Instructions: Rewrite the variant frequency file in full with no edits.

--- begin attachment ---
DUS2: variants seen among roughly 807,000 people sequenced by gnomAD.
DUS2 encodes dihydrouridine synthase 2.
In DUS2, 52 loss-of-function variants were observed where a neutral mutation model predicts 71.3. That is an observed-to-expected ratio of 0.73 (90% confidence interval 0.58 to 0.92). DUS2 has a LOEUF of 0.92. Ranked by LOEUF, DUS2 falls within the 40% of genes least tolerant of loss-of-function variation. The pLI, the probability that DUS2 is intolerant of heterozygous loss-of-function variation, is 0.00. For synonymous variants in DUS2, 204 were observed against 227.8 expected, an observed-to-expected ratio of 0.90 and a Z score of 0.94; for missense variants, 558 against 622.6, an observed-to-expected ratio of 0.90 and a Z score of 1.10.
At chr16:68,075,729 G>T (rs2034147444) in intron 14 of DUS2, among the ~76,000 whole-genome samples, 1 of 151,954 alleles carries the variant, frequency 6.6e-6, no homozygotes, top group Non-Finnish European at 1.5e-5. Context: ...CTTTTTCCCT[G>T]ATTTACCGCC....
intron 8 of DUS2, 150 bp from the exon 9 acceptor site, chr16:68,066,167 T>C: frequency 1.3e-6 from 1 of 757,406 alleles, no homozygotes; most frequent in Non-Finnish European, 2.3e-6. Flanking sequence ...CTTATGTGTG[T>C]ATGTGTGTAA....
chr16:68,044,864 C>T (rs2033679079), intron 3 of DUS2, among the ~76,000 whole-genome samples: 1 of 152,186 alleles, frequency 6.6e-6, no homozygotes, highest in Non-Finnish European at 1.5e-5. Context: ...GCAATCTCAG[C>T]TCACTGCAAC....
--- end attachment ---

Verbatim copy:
DUS2: variants seen among roughly 807,000 people sequenced by gnomAD.
DUS2 encodes dihydrouridine synthase 2.
In DUS2, 52 loss-of-function variants were observed where a neutral mutation model predicts 71.3. That is an observed-to-expected ratio of 0.73 (90% confidence interval 0.58 to 0.92). DUS2 has a LOEUF of 0.92. Ranked by LOEUF, DUS2 falls within the 40% of genes least tolerant of loss-of-function variation. The pLI, the probability that DUS2 is intolerant of heterozygous loss-of-function variation, is 0.00. For synonymous variants in DUS2, 204 were observed against 227.8 expected, an observed-to-expected ratio of 0.90 and a Z score of 0.94; for missense variants, 558 against 622.6, an observed-to-expected ratio of 0.90 and a Z score of 1.10.
At chr16:68,075,729 G>T (rs2034147444) in intron 14 of DUS2, among the ~76,000 whole-genome samples, 1 of 151,954 alleles carries the variant, frequency 6.6e-6, no homozygotes, top group Non-Finnish European at 1.5e-5. Context: ...CTTTTTCCCT[G>T]ATTTACCGCC....
intron 8 of DUS2, 150 bp from the exon 9 acceptor site, chr16:68,066,167 T>C: frequency 1.3e-6 from 1 of 757,406 alleles, no homozygotes; most frequent in Non-Finnish European, 2.3e-6. Flanking sequence ...CTTATGTGTG[T>C]ATGTGTGTAA....
chr16:68,044,864 C>T (rs2033679079), intron 3 of DUS2, among the ~76,000 whole-genome samples: 1 of 152,186 alleles, frequency 6.6e-6, no homozygotes, highest in Non-Finnish European at 1.5e-5. Context: ...GCAATCTCAG[C>T]TCACTGCAAC....